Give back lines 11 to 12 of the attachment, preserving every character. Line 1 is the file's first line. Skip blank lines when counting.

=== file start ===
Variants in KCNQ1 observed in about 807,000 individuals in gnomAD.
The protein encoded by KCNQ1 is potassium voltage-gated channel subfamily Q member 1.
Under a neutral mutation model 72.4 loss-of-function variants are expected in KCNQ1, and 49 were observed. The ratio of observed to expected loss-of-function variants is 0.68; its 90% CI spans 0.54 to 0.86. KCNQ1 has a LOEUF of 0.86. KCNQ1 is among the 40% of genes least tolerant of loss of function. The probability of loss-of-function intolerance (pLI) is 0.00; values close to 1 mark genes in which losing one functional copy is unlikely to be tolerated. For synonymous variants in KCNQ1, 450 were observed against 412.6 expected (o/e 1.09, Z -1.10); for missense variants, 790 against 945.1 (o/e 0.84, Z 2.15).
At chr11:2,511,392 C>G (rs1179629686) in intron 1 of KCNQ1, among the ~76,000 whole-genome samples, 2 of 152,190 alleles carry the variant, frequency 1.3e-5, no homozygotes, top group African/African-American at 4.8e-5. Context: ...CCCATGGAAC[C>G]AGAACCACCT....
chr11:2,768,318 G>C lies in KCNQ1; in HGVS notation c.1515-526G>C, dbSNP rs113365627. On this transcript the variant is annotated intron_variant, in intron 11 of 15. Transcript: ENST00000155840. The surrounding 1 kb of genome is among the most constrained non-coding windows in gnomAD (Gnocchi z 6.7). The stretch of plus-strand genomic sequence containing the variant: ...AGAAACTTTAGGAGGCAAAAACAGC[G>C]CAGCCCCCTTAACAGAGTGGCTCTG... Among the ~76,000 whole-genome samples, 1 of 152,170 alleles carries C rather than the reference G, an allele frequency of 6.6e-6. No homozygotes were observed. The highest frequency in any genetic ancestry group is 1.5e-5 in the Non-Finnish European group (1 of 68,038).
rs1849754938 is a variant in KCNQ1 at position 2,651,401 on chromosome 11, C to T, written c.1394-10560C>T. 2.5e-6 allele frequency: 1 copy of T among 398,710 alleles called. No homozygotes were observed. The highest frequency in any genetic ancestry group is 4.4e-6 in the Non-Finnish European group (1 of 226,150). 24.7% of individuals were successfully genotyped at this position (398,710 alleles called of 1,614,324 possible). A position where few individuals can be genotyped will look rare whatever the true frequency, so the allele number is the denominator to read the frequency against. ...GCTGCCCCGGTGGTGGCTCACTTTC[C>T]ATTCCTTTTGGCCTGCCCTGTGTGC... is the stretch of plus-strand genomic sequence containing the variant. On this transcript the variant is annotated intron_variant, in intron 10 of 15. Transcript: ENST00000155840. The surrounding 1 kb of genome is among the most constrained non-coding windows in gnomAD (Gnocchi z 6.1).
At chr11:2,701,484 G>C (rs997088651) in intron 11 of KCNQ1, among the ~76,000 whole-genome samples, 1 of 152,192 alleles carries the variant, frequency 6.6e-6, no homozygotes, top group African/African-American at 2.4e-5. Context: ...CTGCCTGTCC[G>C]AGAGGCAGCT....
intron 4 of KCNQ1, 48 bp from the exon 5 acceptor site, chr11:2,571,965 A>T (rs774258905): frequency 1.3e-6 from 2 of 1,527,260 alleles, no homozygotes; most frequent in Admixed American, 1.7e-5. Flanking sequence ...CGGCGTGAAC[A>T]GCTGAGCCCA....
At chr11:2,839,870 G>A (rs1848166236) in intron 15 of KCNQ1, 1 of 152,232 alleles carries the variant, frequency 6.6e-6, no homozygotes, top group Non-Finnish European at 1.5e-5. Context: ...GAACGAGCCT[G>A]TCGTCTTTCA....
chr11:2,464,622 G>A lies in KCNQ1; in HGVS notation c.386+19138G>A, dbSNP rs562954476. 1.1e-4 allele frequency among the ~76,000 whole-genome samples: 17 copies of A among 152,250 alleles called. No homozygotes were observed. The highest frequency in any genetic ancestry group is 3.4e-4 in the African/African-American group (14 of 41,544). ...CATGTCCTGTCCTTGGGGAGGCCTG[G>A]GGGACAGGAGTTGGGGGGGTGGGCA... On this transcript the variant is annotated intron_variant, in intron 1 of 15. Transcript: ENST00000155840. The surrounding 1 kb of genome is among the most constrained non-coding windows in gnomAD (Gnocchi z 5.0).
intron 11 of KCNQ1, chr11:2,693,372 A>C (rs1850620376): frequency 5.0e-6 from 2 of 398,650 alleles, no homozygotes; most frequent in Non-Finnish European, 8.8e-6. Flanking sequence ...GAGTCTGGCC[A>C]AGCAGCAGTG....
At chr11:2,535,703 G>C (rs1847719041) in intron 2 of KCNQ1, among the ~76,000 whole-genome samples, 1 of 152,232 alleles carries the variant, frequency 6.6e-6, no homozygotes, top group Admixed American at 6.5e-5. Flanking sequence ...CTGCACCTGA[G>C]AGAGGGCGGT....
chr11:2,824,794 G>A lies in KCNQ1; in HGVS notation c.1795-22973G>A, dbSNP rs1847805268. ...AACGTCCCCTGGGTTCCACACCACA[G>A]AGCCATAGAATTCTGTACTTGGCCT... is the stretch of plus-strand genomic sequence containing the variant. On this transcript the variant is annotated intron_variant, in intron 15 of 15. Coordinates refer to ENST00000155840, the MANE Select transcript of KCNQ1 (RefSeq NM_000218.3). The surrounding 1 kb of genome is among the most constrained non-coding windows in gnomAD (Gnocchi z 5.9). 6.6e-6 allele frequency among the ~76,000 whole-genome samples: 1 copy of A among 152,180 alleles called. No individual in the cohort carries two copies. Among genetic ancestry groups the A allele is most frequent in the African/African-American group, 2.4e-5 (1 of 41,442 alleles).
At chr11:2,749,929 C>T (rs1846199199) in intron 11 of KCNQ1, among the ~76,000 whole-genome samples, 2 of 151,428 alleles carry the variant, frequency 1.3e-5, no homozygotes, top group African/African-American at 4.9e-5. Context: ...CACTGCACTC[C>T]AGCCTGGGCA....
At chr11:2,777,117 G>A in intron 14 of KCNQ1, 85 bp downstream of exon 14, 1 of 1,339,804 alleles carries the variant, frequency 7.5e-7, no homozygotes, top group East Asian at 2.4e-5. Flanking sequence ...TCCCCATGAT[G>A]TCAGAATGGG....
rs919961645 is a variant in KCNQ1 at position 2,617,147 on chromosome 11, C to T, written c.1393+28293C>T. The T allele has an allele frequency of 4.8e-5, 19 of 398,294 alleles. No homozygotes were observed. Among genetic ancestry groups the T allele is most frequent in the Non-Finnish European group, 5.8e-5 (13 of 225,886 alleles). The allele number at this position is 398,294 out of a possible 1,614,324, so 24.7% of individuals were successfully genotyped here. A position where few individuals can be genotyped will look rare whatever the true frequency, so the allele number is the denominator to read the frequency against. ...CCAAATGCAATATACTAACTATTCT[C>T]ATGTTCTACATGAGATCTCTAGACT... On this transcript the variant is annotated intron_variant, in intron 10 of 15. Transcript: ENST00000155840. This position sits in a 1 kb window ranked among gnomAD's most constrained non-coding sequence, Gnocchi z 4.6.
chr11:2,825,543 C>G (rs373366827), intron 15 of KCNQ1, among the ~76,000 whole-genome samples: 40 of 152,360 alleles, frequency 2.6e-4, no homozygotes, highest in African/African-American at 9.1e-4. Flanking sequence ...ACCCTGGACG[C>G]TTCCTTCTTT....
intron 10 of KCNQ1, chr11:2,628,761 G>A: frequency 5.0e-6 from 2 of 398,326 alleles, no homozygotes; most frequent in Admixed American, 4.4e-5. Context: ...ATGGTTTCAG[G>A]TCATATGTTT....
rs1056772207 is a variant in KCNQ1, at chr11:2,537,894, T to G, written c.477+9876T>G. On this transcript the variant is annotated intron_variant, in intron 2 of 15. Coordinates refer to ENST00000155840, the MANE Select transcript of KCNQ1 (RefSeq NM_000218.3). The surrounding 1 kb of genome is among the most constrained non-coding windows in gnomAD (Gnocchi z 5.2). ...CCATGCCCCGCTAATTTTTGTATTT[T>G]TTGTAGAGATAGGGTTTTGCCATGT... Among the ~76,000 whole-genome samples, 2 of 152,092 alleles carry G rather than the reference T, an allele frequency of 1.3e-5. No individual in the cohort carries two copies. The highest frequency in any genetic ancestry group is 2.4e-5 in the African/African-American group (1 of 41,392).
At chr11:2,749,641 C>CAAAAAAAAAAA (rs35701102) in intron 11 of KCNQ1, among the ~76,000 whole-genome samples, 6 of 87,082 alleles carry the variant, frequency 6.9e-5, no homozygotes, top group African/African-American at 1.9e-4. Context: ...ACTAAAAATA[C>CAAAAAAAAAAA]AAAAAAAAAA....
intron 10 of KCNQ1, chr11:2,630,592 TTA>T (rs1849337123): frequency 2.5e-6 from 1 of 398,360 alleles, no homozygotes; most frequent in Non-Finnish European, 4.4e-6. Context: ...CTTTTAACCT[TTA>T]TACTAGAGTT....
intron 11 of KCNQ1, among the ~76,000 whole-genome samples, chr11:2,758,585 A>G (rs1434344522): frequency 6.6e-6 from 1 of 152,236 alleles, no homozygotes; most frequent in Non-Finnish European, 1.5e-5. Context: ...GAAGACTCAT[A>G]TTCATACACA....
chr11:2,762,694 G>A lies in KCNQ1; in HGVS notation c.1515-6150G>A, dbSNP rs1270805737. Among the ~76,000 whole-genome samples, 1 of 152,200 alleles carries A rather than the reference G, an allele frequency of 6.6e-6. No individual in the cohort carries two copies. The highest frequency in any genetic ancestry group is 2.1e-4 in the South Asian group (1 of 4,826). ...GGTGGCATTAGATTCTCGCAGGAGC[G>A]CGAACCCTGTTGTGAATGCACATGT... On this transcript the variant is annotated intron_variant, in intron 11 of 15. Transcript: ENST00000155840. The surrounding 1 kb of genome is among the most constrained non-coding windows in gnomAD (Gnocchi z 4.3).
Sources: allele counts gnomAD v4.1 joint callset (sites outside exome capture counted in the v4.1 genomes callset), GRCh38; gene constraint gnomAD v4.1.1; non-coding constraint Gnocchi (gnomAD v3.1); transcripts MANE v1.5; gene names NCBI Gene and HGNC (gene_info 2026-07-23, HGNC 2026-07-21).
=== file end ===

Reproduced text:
intron 11 of KCNQ1, chr11:2,693,372 A>C (rs1850620376): frequency 5.0e-6 from 2 of 398,650 alleles, no homozygotes; most frequent in Non-Finnish European, 8.8e-6. Flanking sequence ...GAGTCTGGCC[A>C]AGCAGCAGTG....
At chr11:2,535,703 G>C (rs1847719041) in intron 2 of KCNQ1, among the ~76,000 whole-genome samples, 1 of 152,232 alleles carries the variant, frequency 6.6e-6, no homozygotes, top group Admixed American at 6.5e-5. Flanking sequence ...CTGCACCTGA[G>C]AGAGGGCGGT....